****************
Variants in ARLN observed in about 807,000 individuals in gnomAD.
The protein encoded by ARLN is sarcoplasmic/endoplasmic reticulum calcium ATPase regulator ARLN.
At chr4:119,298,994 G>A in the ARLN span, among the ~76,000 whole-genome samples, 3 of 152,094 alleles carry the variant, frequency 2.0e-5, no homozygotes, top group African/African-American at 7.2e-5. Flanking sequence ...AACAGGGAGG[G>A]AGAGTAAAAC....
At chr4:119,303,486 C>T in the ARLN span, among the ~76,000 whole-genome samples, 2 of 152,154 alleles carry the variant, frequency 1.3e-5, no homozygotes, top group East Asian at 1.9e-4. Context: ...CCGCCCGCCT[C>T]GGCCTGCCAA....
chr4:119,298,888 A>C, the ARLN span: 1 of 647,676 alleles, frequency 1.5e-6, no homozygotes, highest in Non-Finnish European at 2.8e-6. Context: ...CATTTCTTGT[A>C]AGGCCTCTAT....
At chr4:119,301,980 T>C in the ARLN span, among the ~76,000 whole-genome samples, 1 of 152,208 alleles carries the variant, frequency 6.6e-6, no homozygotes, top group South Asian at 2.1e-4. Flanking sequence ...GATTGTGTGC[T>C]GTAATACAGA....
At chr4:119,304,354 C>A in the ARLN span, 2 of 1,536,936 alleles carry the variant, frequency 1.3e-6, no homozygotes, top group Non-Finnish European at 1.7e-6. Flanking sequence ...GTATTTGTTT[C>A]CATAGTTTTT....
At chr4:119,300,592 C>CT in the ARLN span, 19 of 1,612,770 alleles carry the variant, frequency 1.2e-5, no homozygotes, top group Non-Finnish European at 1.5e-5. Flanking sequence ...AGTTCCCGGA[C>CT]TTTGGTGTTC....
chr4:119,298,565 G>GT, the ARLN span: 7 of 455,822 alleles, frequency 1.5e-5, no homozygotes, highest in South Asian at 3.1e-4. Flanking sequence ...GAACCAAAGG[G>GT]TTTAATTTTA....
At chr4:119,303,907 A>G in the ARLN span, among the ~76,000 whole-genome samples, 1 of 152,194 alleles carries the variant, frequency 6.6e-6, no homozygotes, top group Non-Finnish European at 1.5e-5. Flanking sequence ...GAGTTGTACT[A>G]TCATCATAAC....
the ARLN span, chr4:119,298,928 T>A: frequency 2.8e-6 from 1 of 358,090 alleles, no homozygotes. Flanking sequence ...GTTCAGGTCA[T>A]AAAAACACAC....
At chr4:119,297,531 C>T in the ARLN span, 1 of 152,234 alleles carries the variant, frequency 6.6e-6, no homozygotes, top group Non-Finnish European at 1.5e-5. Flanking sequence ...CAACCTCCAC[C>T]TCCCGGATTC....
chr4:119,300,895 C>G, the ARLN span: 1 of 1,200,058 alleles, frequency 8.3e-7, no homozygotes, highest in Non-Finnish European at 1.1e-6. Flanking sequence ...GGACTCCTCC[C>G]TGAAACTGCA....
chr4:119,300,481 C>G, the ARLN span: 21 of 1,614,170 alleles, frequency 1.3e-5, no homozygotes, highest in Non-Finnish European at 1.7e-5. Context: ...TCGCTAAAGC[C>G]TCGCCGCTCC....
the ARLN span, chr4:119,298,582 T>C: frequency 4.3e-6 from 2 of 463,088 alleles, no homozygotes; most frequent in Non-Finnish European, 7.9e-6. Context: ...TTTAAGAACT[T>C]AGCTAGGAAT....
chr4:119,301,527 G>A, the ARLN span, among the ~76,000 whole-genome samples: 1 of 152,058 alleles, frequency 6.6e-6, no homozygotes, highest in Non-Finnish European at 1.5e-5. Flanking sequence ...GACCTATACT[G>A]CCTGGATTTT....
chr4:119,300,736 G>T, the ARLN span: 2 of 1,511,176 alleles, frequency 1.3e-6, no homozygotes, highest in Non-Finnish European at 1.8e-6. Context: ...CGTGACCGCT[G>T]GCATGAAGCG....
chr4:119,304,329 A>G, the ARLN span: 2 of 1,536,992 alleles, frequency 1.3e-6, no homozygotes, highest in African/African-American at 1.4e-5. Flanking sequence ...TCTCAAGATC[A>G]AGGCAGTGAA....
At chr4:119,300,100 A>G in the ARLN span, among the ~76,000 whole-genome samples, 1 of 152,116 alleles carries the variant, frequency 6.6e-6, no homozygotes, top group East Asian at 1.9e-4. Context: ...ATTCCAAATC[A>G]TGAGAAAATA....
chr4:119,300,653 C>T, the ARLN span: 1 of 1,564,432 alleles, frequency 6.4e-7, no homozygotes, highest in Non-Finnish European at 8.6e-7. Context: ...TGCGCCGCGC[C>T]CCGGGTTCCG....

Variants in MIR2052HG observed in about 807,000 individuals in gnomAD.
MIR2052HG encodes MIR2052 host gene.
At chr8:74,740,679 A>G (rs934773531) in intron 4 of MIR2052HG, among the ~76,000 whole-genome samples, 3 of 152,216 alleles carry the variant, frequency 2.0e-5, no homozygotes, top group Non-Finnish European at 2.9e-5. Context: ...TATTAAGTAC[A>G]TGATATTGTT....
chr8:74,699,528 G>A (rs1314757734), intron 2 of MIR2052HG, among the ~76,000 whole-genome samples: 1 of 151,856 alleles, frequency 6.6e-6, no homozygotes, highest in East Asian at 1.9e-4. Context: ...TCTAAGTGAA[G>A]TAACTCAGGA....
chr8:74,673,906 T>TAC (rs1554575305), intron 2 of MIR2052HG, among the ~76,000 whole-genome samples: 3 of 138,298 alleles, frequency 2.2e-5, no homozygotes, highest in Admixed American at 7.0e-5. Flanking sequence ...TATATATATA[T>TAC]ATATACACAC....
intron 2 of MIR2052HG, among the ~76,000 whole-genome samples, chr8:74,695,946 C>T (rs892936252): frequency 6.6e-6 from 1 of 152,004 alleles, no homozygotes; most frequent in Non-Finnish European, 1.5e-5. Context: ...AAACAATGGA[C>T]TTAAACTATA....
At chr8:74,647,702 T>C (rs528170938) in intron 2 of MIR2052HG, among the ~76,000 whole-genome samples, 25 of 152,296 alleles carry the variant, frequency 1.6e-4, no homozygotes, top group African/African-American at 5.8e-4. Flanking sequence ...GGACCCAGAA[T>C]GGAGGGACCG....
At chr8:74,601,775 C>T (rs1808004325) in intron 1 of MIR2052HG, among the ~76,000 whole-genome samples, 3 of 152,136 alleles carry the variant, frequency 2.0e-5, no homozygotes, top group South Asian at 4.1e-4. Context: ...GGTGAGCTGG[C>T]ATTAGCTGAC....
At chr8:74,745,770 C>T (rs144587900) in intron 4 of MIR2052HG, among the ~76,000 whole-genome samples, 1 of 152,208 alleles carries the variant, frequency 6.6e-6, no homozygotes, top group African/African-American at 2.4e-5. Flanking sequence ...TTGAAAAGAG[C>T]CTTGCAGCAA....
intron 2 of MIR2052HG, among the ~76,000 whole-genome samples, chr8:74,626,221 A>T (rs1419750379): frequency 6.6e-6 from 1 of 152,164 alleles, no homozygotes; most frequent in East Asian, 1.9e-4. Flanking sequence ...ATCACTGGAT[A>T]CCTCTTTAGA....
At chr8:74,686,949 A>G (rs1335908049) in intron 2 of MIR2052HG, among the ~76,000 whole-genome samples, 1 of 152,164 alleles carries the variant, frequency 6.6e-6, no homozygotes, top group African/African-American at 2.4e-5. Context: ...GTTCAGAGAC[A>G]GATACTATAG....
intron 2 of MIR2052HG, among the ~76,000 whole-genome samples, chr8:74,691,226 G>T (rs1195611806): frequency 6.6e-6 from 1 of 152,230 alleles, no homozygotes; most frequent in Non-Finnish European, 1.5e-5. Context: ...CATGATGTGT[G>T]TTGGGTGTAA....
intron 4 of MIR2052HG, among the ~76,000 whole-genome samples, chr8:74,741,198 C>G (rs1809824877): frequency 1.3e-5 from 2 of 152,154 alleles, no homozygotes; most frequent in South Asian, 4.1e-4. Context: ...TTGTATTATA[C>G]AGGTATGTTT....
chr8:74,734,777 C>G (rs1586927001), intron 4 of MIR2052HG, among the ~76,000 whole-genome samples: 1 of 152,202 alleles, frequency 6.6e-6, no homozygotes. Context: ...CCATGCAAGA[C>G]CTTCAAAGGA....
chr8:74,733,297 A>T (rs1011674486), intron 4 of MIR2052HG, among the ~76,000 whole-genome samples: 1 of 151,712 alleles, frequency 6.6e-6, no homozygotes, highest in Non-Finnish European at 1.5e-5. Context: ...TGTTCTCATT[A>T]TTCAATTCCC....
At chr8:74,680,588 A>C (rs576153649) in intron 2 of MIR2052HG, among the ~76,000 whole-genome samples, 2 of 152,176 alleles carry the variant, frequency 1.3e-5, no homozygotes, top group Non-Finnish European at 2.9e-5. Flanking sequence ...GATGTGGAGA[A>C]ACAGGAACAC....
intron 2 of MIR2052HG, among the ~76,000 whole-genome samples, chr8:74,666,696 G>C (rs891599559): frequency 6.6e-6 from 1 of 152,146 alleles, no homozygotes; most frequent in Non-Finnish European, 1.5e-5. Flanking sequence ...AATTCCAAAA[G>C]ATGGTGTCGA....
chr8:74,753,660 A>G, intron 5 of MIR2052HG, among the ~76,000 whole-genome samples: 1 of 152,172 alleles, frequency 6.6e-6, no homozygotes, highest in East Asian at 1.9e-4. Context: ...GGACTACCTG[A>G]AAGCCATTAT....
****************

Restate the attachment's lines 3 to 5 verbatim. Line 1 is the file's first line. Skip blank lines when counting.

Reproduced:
At chr4:119,298,994 G>A in the ARLN span, among the ~76,000 whole-genome samples, 3 of 152,094 alleles carry the variant, frequency 2.0e-5, no homozygotes, top group African/African-American at 7.2e-5. Flanking sequence ...AACAGGGAGG[G>A]AGAGTAAAAC....
At chr4:119,303,486 C>T in the ARLN span, among the ~76,000 whole-genome samples, 2 of 152,154 alleles carry the variant, frequency 1.3e-5, no homozygotes, top group East Asian at 1.9e-4. Context: ...CCGCCCGCCT[C>T]GGCCTGCCAA....
chr4:119,298,888 A>C, the ARLN span: 1 of 647,676 alleles, frequency 1.5e-6, no homozygotes, highest in Non-Finnish European at 2.8e-6. Context: ...CATTTCTTGT[A>C]AGGCCTCTAT....